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Cissus palmatifida (Baker) Planch.

DC., Monogr. phan. 5(2): 473 (1887).
Origin and geographic distribution
Cissus palmatifida has been recorded from Senegal, Mali, Burkina Faso, Benin, Nigeria, Cameroon, Central African Republic and Sudan.
The leaves of Cissus palmatifida are used in the preparation of sauces. The ripe fruit has edible pulp.
No information is available on the chemical composition of Cissus palmatifida. Several other Cissus species, used in traditional medicine in South Africa, South America and Asia, have been the subject of investigation, and a wide range of compounds have been identified; several of these compounds showed anti-inflammatory, antispasmodic and antitumour activities.
Perennial herb trailing or climbing with few leaf-opposed, simple tendrils; stem glabrescent. Leaves alternate, digitately 3–5-lobed; petiole 2.5–5 cm long; blade c. 11 cm long, base truncate to slightly cordate, lobes deeply lobulate. Inflorescence a cyme with umbel-like, 6–12-flowered clusters. Flowers bisexual, 4-merous, yellow; calyx cup-shaped, 1 mm long, entire; petals c. 1 mm long; ovary superior, subglobose, style subulate. Fruit a subglobose berry 4–5 mm in diameter, black, 1-seeded.
The genus Cissus is closely related to Cyphostemma and comprises about 200 species. It is found all over the tropics and subtropics. Many Cissus species have uses in traditional medicine in Asia, South America, the Caribbean and in tropical Africa.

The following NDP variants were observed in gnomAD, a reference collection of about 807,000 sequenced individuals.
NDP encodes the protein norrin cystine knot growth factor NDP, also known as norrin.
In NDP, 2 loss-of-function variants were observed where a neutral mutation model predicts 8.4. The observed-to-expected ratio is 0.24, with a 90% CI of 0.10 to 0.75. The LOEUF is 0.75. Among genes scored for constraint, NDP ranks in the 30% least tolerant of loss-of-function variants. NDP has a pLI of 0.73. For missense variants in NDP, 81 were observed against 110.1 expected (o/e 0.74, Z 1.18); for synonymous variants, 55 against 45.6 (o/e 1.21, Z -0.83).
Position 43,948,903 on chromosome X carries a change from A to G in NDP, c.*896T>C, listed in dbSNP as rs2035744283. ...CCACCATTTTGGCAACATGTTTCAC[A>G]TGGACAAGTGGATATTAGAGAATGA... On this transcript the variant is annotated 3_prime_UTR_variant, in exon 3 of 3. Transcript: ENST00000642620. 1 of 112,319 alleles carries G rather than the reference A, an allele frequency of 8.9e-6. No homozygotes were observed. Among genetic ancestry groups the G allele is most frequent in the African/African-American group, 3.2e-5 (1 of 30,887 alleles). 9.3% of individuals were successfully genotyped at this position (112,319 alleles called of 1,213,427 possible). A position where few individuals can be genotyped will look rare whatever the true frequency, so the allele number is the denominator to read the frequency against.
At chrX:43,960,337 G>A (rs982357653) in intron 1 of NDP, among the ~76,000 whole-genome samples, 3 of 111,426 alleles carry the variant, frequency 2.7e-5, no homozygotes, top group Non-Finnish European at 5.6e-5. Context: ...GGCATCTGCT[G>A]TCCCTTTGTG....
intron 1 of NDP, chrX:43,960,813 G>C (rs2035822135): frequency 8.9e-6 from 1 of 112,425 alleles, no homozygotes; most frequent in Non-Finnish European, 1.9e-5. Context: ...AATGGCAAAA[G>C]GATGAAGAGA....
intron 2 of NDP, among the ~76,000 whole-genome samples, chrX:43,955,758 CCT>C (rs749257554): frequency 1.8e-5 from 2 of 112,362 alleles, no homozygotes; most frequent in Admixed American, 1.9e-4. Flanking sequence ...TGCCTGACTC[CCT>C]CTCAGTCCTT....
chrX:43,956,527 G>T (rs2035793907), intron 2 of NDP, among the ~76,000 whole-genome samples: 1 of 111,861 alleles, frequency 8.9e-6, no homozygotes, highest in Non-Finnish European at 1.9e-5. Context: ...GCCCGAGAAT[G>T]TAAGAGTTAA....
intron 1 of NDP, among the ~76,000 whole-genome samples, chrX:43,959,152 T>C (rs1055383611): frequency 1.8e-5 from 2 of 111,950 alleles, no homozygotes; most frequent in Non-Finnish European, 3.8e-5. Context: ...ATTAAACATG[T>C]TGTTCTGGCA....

Cissus palmatifida occurs in savanna woodland.
Genetic resources and breeding
Cissus palmatifida is fairly widespread and is not liable to genetic erosion. No germplasm collections are maintained.
Cissus palmatifida will probably remain a food plant of local importance. Several pharmacological effects of Cissus species, e.g. antispasmodic and anti-inflammatory, are of interest. However, as no medicinal uses are recorded for Cissus palmatifida, it is unlikely to figure as a priority species for research.
Major references
• Baker, J.G., 1868. Ampelideae. In: Oliver, D. (Editor). Flora of tropical Africa. Volume 1. L. Reeve & Co, Ashford, United Kingdom. pp. 385–416.
• Burkill, H.M., 2000. The useful plants of West Tropical Africa. 2nd Edition. Volume 5, Families S–Z, Addenda. Royal Botanic Gardens, Kew, United Kingdom. 686 pp.
• Keay, R.W.J., 1958. Ampelidaceae. In: Keay, R.W.J. (Editor). Flora of West Tropical Africa. Volume 1, part 2. 2nd Edition. Crown Agents for Oversea Governments and Administrations, London, United Kingdom. pp. 671–683.
Other references
• Aguilar, N.O., 2001. Cissus L. In: van Valkenburg, J.L.C.H. & Bunyapraphatsara, N. (Editors). Plant Resources of South-East Asia No 12(2). Medicinal and poisonous plants 2. Backhuys Publishers, Leiden, Netherlands. pp. 155–159.
C.H. Bosch
PROTA Network Office Europe, Wageningen University, P.O. Box 341, 6700 AH Wageningen, Netherlands

G.J.H. Grubben
Prins Hendriklaan 24, 1401 AT Bussum, Netherlands
O.A. Denton
National Horticultural Research Institute, P.M.B. 5432, Idi-Ishin, Ibadan, Nigeria
Associate Editors
C.-M. Messiaen
Bat. B 3, Résidence La Guirlande, 75, rue de Fontcarrade, 34070 Montpellier, France
R.R. Schippers
De Boeier 7, 3742 GD Baarn, Netherlands
General editors
R.H.M.J. Lemmens
PROTA Network Office Europe, Wageningen University, P.O. Box 341, 6700 AH Wageningen, Netherlands
L.P.A. Oyen
PROTA Network Office Europe, Wageningen University, P.O. Box 341, 6700 AH Wageningen, Netherlands

Correct citation of this article:
Bosch, C.H., 2004. Cissus palmatifida (Baker) Planch. In: Grubben, G.J.H. & Denton, O.A. (Editors). PROTA 2: Vegetables/Légumes. [CD-Rom]. PROTA, Wageningen, Netherlands.